Where to go and where to eat on a short trip in Bacolod City

#THROWBACKTRAVEL | Bacolod is one of the cities in the Philippines that you should see. Not only is the “City of Smiles” a culinary haven (famous for its sweet treats and Chicken Inasal), it is also home to some of the most interesting spots and attractions. The best way to see this local destination is to make SM City Bacolod your jump-off point, as it's close to several tourist sites in the city.


I only had two days to see Bacolod City, so I made sure to visit the local attractions that were close to one another. Coming from SM City Bacolod, I walked to my first site: the San Sebastian Cathedral. It's a late 19th-century baroque style church that's made out of coral stone. The basilica is said to be the seat of the Roman Catholic Diocese of Bacolod. But it was only in 1933 when it was declared a cathedral.

Before you leave the church, make sure to look to your left (when facing the front entrance) where you will see the Centennial Bells. These longstanding pieces were originally placed on the bell towers until they were taken down and repositioned to its current location, which was done as part of the cathedral’s centennial celebration.

You can reach the San Sebastian Cathedral by getting on a Bata-Libertad Jeepney. It’s just along Rizal Street.


The Bacolod City Public Plaza is also a short walk from the cathedral. You can make your way to the plaza by crossing to the other side of the road. You’ll know that you’ve reached your destination once you see a concrete gazebo in the middle of the grounds. During my visit, I was able to encounter crowds of different people from male senior citizens conversing about current events to teenagers doing dance-offs. It truly is an ideal place for casual meetings.


Not too far from SM City Bacolod is the Pope John Paul II Tower. The tall structure was built to honor the coming of the Pope in 1981. It was also the same site where the late Pontiff celebrated mass. You can admire both the tower and the Pope’s sculpture from a distance (located in the city’s Reclamation Area), or you can visit the tower firsthand. Do take note that there is an entrance fee of P20 per person.


It was already nighttime when my friend brought me to another famous landmark: the Bacolod City New Government Center (NGC). The White House, as labeled by the locals (situated within the Circumferential Road), can be seen next to a wide boardwalk and a lovely fountain.

You can reach NGC by riding a jeep from SM City Bacolod, one that is Central Market-bound.


The Tana Dicang House in Talisay City was the home of a great Negrense matriarch. It was built in 1872 for Don Efigenio Lizares and Dona Enrica Alunan. This time-honored abode now stands as one of the well preserved ancestral homes in Negros Occidental. This Bahay na Bato turned museum still contains many of its original furniture and décor.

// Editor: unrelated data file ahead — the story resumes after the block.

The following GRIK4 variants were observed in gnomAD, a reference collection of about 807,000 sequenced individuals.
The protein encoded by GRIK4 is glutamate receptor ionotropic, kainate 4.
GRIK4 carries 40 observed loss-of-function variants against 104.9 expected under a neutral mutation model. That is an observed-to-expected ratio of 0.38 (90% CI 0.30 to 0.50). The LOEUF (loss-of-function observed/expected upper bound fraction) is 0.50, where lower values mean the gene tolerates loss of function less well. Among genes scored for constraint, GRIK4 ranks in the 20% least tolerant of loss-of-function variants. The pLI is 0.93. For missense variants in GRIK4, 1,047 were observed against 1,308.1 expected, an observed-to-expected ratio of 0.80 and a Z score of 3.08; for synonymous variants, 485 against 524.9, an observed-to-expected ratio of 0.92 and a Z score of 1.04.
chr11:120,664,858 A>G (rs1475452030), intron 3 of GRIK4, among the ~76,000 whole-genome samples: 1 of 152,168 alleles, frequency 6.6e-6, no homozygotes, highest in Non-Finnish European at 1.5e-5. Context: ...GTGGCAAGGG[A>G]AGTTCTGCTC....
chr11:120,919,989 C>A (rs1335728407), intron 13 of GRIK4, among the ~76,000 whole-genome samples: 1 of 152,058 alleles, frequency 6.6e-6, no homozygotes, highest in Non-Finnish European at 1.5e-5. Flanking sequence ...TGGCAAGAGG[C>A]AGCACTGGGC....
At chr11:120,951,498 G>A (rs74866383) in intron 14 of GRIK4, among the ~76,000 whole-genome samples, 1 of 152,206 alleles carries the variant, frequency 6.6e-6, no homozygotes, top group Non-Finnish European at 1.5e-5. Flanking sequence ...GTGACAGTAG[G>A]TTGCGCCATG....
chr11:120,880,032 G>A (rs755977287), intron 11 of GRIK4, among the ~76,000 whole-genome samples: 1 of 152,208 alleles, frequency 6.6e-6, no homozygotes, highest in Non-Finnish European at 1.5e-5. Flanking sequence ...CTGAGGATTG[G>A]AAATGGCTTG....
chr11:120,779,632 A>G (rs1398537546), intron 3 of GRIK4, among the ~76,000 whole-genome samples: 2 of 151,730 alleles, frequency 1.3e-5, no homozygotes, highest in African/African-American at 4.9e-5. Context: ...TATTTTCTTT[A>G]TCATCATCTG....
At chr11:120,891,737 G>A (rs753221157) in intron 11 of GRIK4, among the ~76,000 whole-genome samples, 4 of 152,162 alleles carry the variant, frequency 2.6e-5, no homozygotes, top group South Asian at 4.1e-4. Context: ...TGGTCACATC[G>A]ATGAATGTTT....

Tana Dicang’s House is spacious and well ventilated. It is also home to 18 rooms (built using Filipino hardwoods like Molave, Balayong, and Narra), most of which were used as shared bedrooms by her children. Tana Dicang’s daughters solely used the rooms upstairs, while her sons occupied the quarters by the ground floor. But the largest areas on the second floor were turned into dining rooms and a formal living room.

There is an entrance fee of P100 per person. You can visit the museum daily from 10 AM to 5 PM. It is located at #36 Rizal Street, Talisay City.


One of the famous attractions in Negros Occidental is The Ruins. Its owner, Don Mariano Lacson, had this Talisay City charm built in the early 1920s. He had the house extravagantly developed because of his great love and devotion for his wife, Maria Braga, who passed away after giving birth to their 10th child. While it was burned to the ground during World War II (as a means to stop the Japanese from occupying the house), the foundation of the house remained intact despite its demise.

An entrance fee per person is different for adults (P95), senior citizens and students (P40), and children (P20). You can visit The Ruins daily, from 8 AM to 8 PM. It is located at Talisay City and can be easily reached by public transportation.


Bacolod City has some of the best dishes in town. During my short time in the city, I was able to sample the creamiest Palabok and the tastiest Breakfast Bacon at Roli’s Café (located at The Hostelry at La Salle Avenue). I also got to try an authentic Chicken Inasal at Aida’s in Manokan Country (located just across SM City Bacolod), using only my bare hands! It is the best way to eat Inasal.

But if you’re craving for some of the sweetest dessert treats, visit Bob’s at SM City Bacolod, or Calea Pastries and Coffee by Lacson Street (across L’Fisher Hotel). Their cakes are a must-try!


If you’re looking for affordable and clean accommodation in the city, you can check out The Hostelry. This hip hostel isn’t just Instagram worthy. They also have the nicest staff in town. But for other lodging alternatives, you can also check Go Hotels Bacolod or Pleasant Travelers Pension House.


The gateway to Negros Occidental is the City of Bacolod. You can reach the city in less than an hour if you’re flying from Manila via Philippine Airlines or Cebu Pacific Air. Public transportation is also available at the airport, so you won’t have a problem traveling to town.

Explore & Be Free!

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